Netapp MultiMode VIFs allow you the administrator to add some reliability and performance to your filer networking configuration. As with everything in the tech world, there are many different ways of doing things. There are many ways to build and configure highly available and high performance networks. Netapps support Ethernet technology that is known in other environments as Ethernet trunking, bonding, Etherchanneling or port channeling (Cisco). The joining of 2 or more physical links together into one big fast and available link. Unix systems have been doing this for many years. Netapps use MultiMode VIF’s for ethernet channeling. This used to be a complicated technology that involved special handshaking with switches, and not all switches handled the technology well as there were and are still different angles on this type of technology. Load balanced or passive active so that if one link fails the other one takes over. Hopefully cabled to a different switch. This technology is now used all the time, it has become very common and is used to increase performance on the Ethernet Fabric is MultiMode VIFs. A MultiMode VIF is NetApp’s term for EtherChannel or Port Channeling. Earlier I used the terms trunking or bonding which are not really the accurate terms. Trunking usually refers to a form of VLAN trunking. So I won’t use the trunk term any more.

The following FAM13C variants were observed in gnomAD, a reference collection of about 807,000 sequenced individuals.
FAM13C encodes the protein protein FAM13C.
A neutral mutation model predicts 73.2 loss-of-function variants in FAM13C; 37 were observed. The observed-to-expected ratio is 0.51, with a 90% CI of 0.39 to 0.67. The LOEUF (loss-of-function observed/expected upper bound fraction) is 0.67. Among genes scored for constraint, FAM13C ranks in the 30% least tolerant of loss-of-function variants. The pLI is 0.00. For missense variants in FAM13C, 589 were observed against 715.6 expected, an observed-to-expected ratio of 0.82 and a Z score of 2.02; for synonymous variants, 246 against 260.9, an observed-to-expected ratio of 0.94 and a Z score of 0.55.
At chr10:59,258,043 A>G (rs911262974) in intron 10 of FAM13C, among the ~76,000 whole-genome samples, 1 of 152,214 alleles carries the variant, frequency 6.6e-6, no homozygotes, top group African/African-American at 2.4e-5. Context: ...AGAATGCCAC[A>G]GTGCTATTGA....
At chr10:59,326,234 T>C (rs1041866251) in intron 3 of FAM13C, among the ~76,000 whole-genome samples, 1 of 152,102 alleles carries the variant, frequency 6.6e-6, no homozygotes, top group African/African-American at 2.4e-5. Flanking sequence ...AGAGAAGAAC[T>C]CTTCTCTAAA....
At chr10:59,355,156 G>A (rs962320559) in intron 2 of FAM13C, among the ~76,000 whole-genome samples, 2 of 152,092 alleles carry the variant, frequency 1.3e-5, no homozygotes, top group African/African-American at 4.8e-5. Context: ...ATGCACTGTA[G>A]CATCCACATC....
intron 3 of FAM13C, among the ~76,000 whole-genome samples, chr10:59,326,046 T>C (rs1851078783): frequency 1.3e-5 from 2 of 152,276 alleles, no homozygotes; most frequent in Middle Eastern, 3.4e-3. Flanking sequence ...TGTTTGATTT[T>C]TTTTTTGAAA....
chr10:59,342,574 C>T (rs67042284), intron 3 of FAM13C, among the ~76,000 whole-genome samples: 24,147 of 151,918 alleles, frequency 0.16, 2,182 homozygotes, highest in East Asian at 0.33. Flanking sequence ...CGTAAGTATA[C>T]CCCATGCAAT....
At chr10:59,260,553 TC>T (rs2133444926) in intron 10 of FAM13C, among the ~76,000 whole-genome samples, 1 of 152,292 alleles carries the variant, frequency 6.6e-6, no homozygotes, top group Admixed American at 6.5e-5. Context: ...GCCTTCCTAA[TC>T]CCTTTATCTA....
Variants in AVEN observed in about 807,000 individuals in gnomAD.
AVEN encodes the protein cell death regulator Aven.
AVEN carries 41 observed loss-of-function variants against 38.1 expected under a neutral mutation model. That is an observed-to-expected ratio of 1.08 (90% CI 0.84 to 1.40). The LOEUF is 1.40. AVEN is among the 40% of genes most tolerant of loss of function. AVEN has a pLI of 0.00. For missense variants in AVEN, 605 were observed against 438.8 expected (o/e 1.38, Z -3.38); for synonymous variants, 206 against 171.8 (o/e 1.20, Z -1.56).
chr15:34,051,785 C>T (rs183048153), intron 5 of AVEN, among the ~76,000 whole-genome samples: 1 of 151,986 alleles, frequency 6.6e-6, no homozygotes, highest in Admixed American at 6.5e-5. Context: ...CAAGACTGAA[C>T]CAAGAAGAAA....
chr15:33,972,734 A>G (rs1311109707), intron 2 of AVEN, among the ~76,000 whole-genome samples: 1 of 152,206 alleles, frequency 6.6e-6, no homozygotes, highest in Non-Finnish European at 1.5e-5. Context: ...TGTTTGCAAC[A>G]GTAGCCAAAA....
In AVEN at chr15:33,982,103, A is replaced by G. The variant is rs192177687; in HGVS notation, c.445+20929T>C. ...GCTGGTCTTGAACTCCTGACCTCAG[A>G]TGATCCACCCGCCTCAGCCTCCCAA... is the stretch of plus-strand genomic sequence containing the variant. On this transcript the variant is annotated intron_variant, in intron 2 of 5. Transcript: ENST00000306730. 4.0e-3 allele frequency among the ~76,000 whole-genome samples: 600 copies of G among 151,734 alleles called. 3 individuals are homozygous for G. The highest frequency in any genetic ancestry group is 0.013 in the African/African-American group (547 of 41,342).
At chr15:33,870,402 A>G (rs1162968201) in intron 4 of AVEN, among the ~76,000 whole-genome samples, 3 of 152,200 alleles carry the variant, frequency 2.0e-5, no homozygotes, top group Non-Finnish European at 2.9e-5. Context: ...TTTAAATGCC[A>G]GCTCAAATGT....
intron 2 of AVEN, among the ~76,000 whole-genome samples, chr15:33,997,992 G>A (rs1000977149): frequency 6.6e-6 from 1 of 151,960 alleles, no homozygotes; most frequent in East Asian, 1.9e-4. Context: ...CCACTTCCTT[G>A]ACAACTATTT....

Netapp Defined types of MultiMode VIF’s
Static MultiMode VIF
A Netapp static MultiMode VIF can be compored to a hard coded or static EtherChannel. A hard coded physical multi link into the channel. The ports do not negotiate, there is no auto detection of the physical port status. The interfaces are forced or told to channel. On the switch side, the static etherchannel has to be enabled on each port.
The Netapp command to to create a static MultiMode VIF is
ourfiler> vif create multi
Dynamic MultiMode VIF.